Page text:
Table 4-1. - Load-Carrying Capacities of Shear Legs and Tripods
lashing applies to a line 3 inches in circumference or smaller. For extra heavy loads, use more turns than specified in the procedure given here. For light loads, use fewer turns than specified here.
As the first step of the procedure, take three spars of equal length and place a mark near the top of each to indicate the center of the lashing, Now, lay two of the spars parallel with their tops resting on a skid (or block). Place the third spar between the two, with the butt end resting on a skid. Position the spars so that the lashing marks on all three are in line. Leave an interval between the spars equal to about one-half the diameter of the spars. This will keep the lashing from being drawn too tightly when the tripod is erected.
With the 3-inch line, make a clove hitch around one of the outside spars; put it about 4 inches above the lashing mark. Then, make eight or nine turns with the line around all three spars. (See view A of figure 4-41.) In making the turns, remember to maintain the proper amount of space between the spars.
Now, make one or two close frapping turns around the lashing between each pair of spars. Do not draw the turns too tightly. Finally, secure the end of the line with a clove hitch on the center spar just above the lashing, as shown in view A of figure 4-41.
There is another method of lashing a tripod that you may find preferable to the method just given. It may be used in lashing slender poles up to 20 feet in length, or when some means other than hand power is available for erection,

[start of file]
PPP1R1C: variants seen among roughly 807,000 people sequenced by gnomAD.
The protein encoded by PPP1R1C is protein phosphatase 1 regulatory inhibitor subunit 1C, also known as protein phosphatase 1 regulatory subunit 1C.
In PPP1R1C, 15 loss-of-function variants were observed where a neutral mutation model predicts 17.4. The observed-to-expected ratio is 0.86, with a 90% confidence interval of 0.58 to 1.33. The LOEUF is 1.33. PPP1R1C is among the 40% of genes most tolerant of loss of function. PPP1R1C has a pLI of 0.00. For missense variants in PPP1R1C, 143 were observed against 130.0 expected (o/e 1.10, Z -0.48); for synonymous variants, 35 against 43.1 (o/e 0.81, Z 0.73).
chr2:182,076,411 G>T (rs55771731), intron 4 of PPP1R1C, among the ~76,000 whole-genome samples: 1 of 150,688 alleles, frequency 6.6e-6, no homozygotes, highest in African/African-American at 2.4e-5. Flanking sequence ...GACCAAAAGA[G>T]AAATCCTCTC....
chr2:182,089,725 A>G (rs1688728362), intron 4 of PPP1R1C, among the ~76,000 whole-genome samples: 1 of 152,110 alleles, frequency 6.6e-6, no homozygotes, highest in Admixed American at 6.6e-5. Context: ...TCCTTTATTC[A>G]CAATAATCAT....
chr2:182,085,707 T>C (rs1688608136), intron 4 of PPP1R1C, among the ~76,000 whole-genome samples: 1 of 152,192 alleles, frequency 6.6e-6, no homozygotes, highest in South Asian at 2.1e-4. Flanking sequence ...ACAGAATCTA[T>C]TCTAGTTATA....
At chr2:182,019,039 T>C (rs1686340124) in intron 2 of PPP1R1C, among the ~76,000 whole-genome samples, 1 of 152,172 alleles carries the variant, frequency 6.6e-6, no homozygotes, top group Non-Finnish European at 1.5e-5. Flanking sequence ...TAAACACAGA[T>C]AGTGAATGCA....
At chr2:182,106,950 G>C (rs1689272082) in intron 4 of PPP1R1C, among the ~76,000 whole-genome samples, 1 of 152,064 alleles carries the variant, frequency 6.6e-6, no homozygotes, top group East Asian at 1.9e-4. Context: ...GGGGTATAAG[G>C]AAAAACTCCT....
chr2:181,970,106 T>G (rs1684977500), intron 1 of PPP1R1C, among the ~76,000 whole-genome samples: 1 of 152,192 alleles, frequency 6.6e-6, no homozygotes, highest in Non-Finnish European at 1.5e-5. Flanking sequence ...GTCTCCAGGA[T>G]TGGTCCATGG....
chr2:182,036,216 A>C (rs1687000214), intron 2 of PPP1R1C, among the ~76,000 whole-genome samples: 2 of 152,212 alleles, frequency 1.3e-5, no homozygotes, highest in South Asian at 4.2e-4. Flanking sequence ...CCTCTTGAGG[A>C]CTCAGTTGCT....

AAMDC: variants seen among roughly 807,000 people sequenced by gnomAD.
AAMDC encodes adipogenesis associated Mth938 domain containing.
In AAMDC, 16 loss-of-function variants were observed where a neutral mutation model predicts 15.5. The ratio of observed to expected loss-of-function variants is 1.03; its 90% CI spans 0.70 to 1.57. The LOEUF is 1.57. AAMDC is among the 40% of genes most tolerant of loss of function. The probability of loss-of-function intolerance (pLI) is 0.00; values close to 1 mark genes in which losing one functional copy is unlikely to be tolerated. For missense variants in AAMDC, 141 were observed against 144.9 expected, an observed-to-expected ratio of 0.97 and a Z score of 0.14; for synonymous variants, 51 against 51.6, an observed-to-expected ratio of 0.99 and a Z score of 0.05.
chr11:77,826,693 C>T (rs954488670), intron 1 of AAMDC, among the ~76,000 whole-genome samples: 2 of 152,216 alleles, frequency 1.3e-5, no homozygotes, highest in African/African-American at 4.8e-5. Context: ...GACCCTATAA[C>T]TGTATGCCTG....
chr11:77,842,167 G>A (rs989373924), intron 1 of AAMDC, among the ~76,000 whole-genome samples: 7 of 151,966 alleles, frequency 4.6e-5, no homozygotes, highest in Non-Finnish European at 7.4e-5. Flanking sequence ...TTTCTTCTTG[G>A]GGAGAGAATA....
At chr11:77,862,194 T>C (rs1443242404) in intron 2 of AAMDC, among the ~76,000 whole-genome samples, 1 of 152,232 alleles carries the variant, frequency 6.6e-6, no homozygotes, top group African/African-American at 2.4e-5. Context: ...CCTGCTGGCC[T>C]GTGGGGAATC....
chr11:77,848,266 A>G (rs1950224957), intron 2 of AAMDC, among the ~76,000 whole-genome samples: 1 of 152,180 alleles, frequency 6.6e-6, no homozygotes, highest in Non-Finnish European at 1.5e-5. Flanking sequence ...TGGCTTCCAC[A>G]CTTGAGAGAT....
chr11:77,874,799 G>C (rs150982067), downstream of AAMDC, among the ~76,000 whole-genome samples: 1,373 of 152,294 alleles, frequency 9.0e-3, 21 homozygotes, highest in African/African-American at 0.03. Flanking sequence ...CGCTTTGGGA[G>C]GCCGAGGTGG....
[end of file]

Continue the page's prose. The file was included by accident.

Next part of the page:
First, place the three spars parallel to each other, leaving an interval between them slightly greater than twice the diameter of the line to be used. Rest the top of each pole on a skid so that the end projects about 2 feet over the skid. Then, line up the butts of the three spars, as indicated in view B of figure 4-41.
Next, make a clove hitch on one outside leg at the bottom of the position the lashing will occupy, which is about 2 feet from the end. Now, proceed to weave the line over the middle leg, under and around the other outside leg, under the middle leg, over and around the first leg, and so forth, until completing about eight or nine turns. Finish the lashing by forming a clove hitch on the other outside leg (view B of figure 4-41).
In the final position of an erected tripod, it is important that the legs be spread an equal distanceContinue Reading